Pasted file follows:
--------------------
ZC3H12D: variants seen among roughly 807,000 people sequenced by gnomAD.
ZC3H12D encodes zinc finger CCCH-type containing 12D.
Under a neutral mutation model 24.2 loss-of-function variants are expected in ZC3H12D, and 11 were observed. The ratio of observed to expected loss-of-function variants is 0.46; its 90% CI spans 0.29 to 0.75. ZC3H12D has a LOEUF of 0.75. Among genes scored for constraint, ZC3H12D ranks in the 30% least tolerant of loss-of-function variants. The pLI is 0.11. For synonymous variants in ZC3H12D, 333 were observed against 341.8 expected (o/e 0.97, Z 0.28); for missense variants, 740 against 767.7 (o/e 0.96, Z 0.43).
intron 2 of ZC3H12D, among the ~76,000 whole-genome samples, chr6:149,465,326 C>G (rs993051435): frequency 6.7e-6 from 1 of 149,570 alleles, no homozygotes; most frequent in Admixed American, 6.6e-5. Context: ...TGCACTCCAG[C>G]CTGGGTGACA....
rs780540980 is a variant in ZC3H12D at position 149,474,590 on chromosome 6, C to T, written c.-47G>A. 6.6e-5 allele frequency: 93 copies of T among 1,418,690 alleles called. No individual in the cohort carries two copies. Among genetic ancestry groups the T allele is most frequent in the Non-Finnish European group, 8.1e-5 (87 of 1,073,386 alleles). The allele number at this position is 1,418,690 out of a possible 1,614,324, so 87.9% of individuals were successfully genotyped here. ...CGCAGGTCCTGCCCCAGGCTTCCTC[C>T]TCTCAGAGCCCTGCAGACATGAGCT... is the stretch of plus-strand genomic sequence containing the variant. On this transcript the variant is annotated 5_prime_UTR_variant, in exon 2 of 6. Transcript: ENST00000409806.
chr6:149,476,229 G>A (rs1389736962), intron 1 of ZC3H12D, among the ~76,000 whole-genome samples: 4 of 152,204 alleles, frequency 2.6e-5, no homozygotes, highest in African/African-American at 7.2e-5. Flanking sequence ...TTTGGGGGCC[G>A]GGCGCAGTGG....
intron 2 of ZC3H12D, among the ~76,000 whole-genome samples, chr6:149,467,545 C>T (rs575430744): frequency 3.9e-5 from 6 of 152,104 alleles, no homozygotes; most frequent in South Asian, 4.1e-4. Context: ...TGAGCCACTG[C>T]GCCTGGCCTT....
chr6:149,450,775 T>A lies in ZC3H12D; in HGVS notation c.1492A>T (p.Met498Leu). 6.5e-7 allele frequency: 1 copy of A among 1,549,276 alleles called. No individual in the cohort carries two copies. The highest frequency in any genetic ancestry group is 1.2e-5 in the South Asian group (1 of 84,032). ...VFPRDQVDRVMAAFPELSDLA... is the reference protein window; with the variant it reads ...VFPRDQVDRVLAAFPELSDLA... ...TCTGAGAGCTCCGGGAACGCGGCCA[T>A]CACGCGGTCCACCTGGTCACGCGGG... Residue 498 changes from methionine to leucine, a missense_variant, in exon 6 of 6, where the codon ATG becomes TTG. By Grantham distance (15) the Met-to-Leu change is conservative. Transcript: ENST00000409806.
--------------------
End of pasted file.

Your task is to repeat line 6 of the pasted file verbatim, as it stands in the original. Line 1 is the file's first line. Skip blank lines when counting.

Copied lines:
chr6:149,476,229 G>A (rs1389736962), intron 1 of ZC3H12D, among the ~76,000 whole-genome samples: 4 of 152,204 alleles, frequency 2.6e-5, no homozygotes, highest in African/African-American at 7.2e-5. Flanking sequence ...TTTGGGGGCC[G>A]GGCGCAGTGG....